"It’s astonishing, you put the Mega Drive in front of these kids who have never touched it and they love it. It’s funny, I’ve heard from many cynical adults like, ‘How is it ever going to work with kids?’ I’m like, ‘It will work, don’t worry!’ Just the joy of that. It’s great for mum and dad. And it’s great for old farts like me who grew up with this stuff, but for the kids and for people who are not even in the retro games scene to just be able to be like, ‘Oh, that’s really cool!’ And it’s genuine. I’m not saying that to promote it. You can really see it in their eyes and hear it in their voice, and it’s this really genuine, ‘Oh man, this is really kind of fun and interesting!’ So, I love that, and I really want to pay that forward for as long as we can. That’s really the end goal here."
Following the modest success of Summit City Showdown, Springer and Co. have turned their attention to creating their next original homebrew. This time it is a straightforward fighting game — a genre that Springer has loved ever since playing Konami's Yie Ar Kung Fu in the arcades. But he doesn't just want to make a cheap knock-off or a copy of Street Fighter or Mortal Kombat and call it a day. No, instead he wants to build one of the most approachable fighting games ever made. The name he settled on for it was "Go For it".
"I wanted to create a fighting game for people who suck at fighting games. Because with all of our Mega Drive homebrew, who is my audience? Yes, it’s retro gamers and the retro gaming community. I’m part of that and I love that scene and I’m passionate about that for sure. But we have a pizza place and when people walk in off the street, they may have never touched a Mega Drive in their life. And so, we want to make an inclusive game where folks can pick it up and have fun right away: without any experience or knowledge of the console, fighting games, or anything. So, to be candid with you, I was inspired by games like Smash and the simplicity of their design."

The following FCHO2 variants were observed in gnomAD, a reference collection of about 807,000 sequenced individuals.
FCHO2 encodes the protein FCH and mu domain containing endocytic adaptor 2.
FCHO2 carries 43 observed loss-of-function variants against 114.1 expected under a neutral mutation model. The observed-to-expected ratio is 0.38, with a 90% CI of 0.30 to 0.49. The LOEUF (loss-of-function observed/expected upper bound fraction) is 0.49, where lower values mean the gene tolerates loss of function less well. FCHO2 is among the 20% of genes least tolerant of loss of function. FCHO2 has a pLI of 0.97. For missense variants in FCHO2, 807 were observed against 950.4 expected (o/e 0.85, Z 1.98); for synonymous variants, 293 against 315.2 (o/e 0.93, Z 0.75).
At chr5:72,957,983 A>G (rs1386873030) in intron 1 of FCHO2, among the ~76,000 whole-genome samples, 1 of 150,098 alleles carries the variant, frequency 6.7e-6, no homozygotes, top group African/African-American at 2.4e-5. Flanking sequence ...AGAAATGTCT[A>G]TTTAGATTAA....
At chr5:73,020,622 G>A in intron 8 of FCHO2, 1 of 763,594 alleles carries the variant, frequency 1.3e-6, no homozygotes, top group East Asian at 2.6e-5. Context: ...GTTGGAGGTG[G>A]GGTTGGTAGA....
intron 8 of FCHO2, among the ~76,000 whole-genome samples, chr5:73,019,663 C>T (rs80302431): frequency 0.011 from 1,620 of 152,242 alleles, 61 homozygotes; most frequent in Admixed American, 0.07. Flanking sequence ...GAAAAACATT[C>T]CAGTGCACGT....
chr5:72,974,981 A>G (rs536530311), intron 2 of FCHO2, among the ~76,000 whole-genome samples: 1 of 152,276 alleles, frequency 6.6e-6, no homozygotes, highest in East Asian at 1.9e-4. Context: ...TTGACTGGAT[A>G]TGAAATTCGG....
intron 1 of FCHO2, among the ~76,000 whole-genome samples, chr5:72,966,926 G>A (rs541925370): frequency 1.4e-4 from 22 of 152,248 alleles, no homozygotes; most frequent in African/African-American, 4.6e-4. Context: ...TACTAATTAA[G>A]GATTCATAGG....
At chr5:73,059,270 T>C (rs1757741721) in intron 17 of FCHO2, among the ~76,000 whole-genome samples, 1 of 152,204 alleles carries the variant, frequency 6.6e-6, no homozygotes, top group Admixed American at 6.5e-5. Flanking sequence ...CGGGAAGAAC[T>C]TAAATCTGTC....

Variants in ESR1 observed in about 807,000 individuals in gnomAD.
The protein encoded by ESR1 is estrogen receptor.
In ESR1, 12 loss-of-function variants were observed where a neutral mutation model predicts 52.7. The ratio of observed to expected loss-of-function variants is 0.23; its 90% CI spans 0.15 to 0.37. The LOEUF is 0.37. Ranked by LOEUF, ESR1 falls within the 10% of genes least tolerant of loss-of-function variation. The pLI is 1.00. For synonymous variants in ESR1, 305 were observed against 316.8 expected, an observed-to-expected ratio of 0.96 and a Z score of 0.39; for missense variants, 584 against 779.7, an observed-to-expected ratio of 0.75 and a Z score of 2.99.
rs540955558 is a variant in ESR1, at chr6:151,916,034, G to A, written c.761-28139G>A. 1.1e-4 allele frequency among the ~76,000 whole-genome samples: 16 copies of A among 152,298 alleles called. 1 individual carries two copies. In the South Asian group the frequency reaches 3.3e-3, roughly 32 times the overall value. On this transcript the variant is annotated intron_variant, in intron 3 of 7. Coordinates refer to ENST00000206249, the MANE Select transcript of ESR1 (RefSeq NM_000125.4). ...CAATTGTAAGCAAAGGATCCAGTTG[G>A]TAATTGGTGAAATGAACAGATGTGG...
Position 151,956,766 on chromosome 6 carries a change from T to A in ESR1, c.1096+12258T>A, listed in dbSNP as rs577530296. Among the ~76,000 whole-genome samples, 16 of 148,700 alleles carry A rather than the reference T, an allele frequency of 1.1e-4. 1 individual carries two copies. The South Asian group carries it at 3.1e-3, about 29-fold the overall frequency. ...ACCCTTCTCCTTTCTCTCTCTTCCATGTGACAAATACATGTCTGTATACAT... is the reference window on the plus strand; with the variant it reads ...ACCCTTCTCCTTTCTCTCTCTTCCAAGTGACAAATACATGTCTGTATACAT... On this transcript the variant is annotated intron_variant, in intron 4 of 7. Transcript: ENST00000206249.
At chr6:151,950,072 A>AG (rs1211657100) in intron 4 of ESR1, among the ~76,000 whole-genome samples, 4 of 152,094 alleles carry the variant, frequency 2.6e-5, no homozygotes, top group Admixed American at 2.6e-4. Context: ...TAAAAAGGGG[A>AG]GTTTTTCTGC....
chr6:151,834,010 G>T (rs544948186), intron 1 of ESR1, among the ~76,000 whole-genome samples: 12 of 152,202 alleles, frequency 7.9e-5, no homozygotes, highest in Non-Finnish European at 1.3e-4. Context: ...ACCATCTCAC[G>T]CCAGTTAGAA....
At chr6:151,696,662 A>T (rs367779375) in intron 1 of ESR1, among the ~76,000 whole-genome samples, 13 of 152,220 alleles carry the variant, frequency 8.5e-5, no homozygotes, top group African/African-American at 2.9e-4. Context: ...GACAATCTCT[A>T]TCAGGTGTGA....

With respect and admiration, there’s no Ken, Ryus, Scorpions, or Sub Zeroes. They’re not here. They’re not happening. Because how many fighting games do you go back to and it’s like, ‘Oh, it’s that character’.
In Go For It, players are able to activate specials with just a single press of a button, meaning that anyone — no matter how familiar they are with fighting games — can pick it up and won't have to memorize an encyclopedia's worth of information before beginning to play. It’s a bold strategy that will likely attract newcomers but could potentially turn off some more experienced fighting game fans who are specifically seeking for that deeper kind of experience.
In addition to simplified specials, Springer also set out specifically to avoid falling into the same repetitive character stereotypes that many Street Fighter and Mortal Kombat clones have fallen into. As a result, his small team put a ton of time into coming up with new and distinct character types, which should hopefully be a refreshing change of pace from those we've seen before.
"I want to have the most vibrant, diverse, fun, unique rosters with rich personalities and backstories," he tells Time Extension. "I did a very deep dive into 2D fighters and even 3D fighters. I spent god, way too long, researching that to the hilt, and it really struck me that yes, there’s some diversity here, but maybe in the 90s we weren’t so attuned to that trait. With respect and admiration, there’s no Ken, Ryus, Scorpions, or Sub Zeroes. They’re not here. They’re not happening. Because how many fighting games do you go back to and it’s like, ‘Oh, it’s that character’. It’s the derivative of those. We’re not going that route. There are enough of those games already out there."
Development on Go For It is still ongoing but it will be coming out in 2024, according to the recent Homebrew Summer Games Showcase. Springer, meanwhile, has previously stated he plans to open his restaurant in late 2023 but has since gone on to claim that there is no definitive date set just yet.
Springer's homebrew journey started in one of the darkest periods of his life but from this devastating event, he has worked towards an admirable goal — to share his appreciation of the Sega Genesis with the rest of the world.
"It sounds so cheesy, but I feel honoured and humbled," he tells us. "That’s probably what I’m [most] excited about — to be introducing my favourite console of all time to a whole new group of people from all walks of life; young, old, it doesn’t matter."